POLICY

Colorado is intercepting federal stimulus checks for court debt. One resident, who lost her much-needed check to a decades-old misdemeanor, called the governor and her congressman to try and give them the message that paying debt collectors isn’t stimulating the economy.

WHY THIS POLICY DOESN’T WORK

Protecting wages and money deposited in a bank account from seizure by creditors is critical during the COVID-19 recession. Millions of Americans urgently need these stimulus checks to pay for rent, food, utilities, medicine, and other basic necessities; garnishing them is a threat to families’ livelihoods and public health. Read the National Consumer Law Center’s summary of state laws, regulations, executive orders, court orders, and guidance adopted since March 15, 2020 that provide additional protections for wages and cash in bank accounts.

POLICY

Due to the pandemic, Oklahoma courts have been shut down and not collecting enough money in fines and fees. As a result, the state legislature has announced that they do not plan to carry legislation on fines and fees this session, and will continue to rely on fines and fees to fund the courts. A 2019 report found in some Oklahoma courts, state appropriations accounted for just 10% of their operating costs and the rest came from collecting fines and fees.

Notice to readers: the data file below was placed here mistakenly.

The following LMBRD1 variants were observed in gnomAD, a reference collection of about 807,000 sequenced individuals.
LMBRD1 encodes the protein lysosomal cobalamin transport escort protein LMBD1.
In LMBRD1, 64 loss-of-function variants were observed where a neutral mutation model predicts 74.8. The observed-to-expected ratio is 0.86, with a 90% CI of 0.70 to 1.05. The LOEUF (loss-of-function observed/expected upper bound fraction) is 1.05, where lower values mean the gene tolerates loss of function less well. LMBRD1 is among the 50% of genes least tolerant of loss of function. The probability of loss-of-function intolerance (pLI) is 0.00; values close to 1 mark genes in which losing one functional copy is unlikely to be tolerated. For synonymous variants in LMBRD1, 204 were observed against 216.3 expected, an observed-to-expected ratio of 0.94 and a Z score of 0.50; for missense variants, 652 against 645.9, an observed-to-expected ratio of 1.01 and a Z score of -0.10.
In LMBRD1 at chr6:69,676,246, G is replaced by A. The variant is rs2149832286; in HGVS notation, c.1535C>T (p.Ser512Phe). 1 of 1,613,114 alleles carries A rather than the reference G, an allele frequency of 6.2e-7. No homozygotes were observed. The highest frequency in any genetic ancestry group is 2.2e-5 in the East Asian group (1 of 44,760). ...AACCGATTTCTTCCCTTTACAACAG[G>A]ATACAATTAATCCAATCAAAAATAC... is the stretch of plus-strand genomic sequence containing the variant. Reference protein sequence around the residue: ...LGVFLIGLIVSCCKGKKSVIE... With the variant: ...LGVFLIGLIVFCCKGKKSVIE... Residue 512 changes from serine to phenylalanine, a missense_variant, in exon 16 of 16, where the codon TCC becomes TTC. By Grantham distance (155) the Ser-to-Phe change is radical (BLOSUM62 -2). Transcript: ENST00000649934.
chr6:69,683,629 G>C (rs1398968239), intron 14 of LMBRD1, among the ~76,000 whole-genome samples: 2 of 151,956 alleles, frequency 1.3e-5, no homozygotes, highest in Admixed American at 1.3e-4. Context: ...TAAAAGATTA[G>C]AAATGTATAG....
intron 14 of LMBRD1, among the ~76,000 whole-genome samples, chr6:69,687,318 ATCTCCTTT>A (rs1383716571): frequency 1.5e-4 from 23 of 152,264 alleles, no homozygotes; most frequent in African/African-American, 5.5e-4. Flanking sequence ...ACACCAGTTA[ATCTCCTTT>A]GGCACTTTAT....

WHY THIS POLICY DOESN’T WORK

For all the harm caused by fines and fees, they typically make up only a small fraction of government budgets. Read Vera’s reports on the impact of fines and fees in New York and Florida and the amount government agencies actually collect.

POLICY

New York City’s 2020-21 budget includes a ticket blitz that’s expected to cost motorists some $42 million in the coming months.The NYPD will reassign 75 workers in its Traffic Enforcement Division to ticket-writing duties to counter the fiscal effects of the coronavirus crisis.

WHY THIS POLICY DOESN’T WORK

When governments use predatory fines and fees to raise money, the result is a disproportionate tax on those who can least afford it. Learn more about No Price on Justice, New York’s campaign to eliminate predatory fees.

POLICY

The Bossier City Council adopted an ordinance amending the fines, fees, and costs for several criminal charges. Changes include increasing the penalty for simple assault from not more than $200 to $1,000. Thefts with a value less than $300 may be fined not more than $1,000, while the penalty for carrying an illegal weapon will now be a fine of not more than $500.

WHY THIS POLICY DOESN’T WORK

Criminal justice fines are harmful to people who cannot afford to pay them and compromise public safety because law enforcement resources are devoted to collection. Learn more about the disadvantages of the current criminal justice fine and fee systems of ten counties in Texas, Florida, and New Mexico and recommendations for creating a fairer system.